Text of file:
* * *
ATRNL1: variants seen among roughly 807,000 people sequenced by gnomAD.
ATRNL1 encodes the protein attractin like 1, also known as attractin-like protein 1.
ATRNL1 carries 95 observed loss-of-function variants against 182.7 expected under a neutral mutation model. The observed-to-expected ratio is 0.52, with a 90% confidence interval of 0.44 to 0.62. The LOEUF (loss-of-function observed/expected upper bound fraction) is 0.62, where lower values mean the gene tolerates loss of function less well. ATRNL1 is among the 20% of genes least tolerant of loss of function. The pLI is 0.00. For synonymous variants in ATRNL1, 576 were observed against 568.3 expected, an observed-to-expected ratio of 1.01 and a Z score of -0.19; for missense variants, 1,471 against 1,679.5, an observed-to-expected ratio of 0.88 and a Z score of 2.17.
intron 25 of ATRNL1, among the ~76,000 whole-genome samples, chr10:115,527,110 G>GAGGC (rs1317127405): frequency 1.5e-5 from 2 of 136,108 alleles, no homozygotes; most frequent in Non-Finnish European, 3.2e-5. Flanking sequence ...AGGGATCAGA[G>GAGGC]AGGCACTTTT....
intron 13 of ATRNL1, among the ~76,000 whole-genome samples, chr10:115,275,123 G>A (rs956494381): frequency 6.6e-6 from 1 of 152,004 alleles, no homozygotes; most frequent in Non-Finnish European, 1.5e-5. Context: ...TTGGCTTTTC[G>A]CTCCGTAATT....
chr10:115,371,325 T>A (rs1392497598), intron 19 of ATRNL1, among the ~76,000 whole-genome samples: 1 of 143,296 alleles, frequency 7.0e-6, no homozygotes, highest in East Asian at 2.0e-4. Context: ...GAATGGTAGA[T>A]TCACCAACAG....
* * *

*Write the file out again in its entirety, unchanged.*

ATRNL1: variants seen among roughly 807,000 people sequenced by gnomAD.
ATRNL1 encodes the protein attractin like 1, also known as attractin-like protein 1.
ATRNL1 carries 95 observed loss-of-function variants against 182.7 expected under a neutral mutation model. The observed-to-expected ratio is 0.52, with a 90% confidence interval of 0.44 to 0.62. The LOEUF (loss-of-function observed/expected upper bound fraction) is 0.62, where lower values mean the gene tolerates loss of function less well. ATRNL1 is among the 20% of genes least tolerant of loss of function. The pLI is 0.00. For synonymous variants in ATRNL1, 576 were observed against 568.3 expected, an observed-to-expected ratio of 1.01 and a Z score of -0.19; for missense variants, 1,471 against 1,679.5, an observed-to-expected ratio of 0.88 and a Z score of 2.17.
intron 25 of ATRNL1, among the ~76,000 whole-genome samples, chr10:115,527,110 G>GAGGC (rs1317127405): frequency 1.5e-5 from 2 of 136,108 alleles, no homozygotes; most frequent in Non-Finnish European, 3.2e-5. Flanking sequence ...AGGGATCAGA[G>GAGGC]AGGCACTTTT....
intron 13 of ATRNL1, among the ~76,000 whole-genome samples, chr10:115,275,123 G>A (rs956494381): frequency 6.6e-6 from 1 of 152,004 alleles, no homozygotes; most frequent in Non-Finnish European, 1.5e-5. Context: ...TTGGCTTTTC[G>A]CTCCGTAATT....
chr10:115,371,325 T>A (rs1392497598), intron 19 of ATRNL1, among the ~76,000 whole-genome samples: 1 of 143,296 alleles, frequency 7.0e-6, no homozygotes, highest in East Asian at 2.0e-4. Context: ...GAATGGTAGA[T>A]TCACCAACAG....